Research and Policy
The Edwin A. and Betty L. Bergman Distinguished Service Professor
Director, University of Chicago Crime Lab
Jens Ludwig is an economist who works on urban policy challenges related to crime, education, poverty, housing, and health. For the past 15 years, he has been involved in the study of a large-scale social experiment carried out by the US Department of Housing and Urban Development, Moving to Opportunity, which via random lottery offered families in public housing the chance to use a housing voucher to move to less disadvantaged neighborhoods.
In the area of crime, Ludwig has written extensively about gun-violence prevention. In 2008, he helped found the University of Chicago Crime Lab, which partners with government agencies to carry out randomized policy experiments and machine-learning prediction policy projects to learn more about how to reduce the social harms from both crime and the criminal justice system. Crime Lab research has already helped shape policy decisions in Chicago, has been featured in news stories by major media outlets like the New York Times, Washington Post, Wall Street Journal, and NPR; and has led to a $1 million MacArthur Foundation award for creative and effective institutions—the foundation’s organizational equivalent of its “genius grant” for individuals.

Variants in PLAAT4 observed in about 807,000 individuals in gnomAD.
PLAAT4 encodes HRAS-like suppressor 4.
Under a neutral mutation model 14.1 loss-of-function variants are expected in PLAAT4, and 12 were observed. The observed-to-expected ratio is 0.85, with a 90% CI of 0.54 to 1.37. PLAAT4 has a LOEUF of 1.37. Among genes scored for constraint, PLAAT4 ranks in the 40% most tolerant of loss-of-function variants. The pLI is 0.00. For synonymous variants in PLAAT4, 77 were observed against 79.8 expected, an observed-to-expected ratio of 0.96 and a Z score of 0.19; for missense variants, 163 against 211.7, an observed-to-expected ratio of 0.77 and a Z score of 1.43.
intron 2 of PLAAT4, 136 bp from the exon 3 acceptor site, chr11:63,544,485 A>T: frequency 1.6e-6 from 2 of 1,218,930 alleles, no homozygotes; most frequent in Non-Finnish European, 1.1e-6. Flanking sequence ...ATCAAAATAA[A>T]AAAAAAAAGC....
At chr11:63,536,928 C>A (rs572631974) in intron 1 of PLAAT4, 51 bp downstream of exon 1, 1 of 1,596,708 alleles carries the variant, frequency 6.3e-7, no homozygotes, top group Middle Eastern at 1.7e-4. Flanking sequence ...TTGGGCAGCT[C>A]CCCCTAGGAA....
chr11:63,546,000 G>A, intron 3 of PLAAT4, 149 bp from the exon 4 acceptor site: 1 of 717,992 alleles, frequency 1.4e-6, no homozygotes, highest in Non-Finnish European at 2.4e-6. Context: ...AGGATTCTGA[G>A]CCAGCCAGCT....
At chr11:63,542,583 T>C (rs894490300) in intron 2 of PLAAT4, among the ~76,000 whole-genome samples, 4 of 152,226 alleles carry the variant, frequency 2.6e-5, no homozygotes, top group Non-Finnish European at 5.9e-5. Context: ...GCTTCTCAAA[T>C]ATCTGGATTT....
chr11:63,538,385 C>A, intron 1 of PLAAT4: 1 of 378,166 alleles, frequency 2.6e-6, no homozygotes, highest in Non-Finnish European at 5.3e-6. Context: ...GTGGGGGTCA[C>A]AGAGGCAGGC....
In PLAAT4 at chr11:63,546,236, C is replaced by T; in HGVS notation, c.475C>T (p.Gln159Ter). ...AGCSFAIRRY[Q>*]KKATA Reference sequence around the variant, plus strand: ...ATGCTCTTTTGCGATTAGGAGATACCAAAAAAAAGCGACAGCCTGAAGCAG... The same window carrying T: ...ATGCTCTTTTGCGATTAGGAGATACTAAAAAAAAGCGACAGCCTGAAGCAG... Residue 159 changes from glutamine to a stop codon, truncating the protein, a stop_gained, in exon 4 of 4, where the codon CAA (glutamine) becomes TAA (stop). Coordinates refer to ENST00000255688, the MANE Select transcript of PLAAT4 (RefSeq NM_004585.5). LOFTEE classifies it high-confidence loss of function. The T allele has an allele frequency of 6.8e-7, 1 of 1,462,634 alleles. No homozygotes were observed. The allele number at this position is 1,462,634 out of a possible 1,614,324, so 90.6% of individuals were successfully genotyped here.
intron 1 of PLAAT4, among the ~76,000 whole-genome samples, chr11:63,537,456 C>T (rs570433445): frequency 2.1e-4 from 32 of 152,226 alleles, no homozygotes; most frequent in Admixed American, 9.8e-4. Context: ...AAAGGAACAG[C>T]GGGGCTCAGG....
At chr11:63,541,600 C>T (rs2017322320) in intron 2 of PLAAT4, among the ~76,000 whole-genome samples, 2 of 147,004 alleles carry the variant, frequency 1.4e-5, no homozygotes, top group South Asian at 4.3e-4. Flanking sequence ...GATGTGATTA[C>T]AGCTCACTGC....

Ludwig also serves as a nonresident senior fellow in economic studies at the Brookings Institution, research associate of the National Bureau of Economic Research, codirector of the NBER’s working group on the economics of crime, and codirector of the new crime initiative at Abdul Latif Jameel Poverty Action Lab (JPAL) at MIT. Prior to joining the University of Chicago faculty, Ludwig was professor of public policy at Georgetown University. He is currently on the editorial board of American Economic Review. In 2012 he was elected vice president of the Association for Public Policy Analysis and Management (APPAM), the professional society for public policy schools. In 2006, he was awarded APPAM’s David N. Kershaw Prize for Contributions to Public Policy by Age 40. In 2012 he was elected to the Institute of Medicine of the National Academies of Science.